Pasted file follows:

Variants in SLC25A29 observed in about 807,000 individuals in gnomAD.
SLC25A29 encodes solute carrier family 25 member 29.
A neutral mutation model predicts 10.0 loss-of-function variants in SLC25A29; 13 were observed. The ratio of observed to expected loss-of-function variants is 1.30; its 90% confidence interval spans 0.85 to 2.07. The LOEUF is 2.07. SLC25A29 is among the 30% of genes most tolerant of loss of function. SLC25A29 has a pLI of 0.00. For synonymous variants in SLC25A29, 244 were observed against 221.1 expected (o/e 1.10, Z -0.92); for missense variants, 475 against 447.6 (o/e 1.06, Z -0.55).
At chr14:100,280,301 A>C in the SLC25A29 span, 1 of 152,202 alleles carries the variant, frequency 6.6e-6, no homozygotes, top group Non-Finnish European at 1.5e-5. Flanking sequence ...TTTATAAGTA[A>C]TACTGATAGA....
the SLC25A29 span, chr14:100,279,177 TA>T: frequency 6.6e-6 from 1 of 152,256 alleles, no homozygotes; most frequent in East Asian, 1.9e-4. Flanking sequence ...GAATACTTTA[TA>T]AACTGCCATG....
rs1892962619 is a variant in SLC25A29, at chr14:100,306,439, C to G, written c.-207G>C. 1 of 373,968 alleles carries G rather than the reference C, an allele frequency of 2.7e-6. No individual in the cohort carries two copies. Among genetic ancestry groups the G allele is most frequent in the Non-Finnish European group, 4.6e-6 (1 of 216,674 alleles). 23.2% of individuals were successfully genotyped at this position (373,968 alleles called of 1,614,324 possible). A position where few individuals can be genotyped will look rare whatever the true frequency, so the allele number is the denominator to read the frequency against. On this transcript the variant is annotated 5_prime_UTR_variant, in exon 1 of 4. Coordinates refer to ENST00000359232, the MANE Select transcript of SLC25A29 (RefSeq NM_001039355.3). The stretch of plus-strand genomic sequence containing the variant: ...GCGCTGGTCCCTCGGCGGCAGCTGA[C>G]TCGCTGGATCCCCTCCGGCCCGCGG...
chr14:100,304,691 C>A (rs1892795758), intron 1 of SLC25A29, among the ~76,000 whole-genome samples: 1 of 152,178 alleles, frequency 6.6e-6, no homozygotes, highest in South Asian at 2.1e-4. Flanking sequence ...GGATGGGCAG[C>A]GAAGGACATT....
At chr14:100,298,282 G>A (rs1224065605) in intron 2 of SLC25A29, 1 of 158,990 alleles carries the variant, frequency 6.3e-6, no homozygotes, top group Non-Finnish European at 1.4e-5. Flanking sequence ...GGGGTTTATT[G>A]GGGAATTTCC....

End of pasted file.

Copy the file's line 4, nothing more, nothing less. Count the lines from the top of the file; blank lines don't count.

At chr14:100,280,301 A>C in the SLC25A29 span, 1 of 152,202 alleles carries the variant, frequency 6.6e-6, no homozygotes, top group Non-Finnish European at 1.5e-5. Flanking sequence ...TTTATAAGTA[A>C]TACTGATAGA....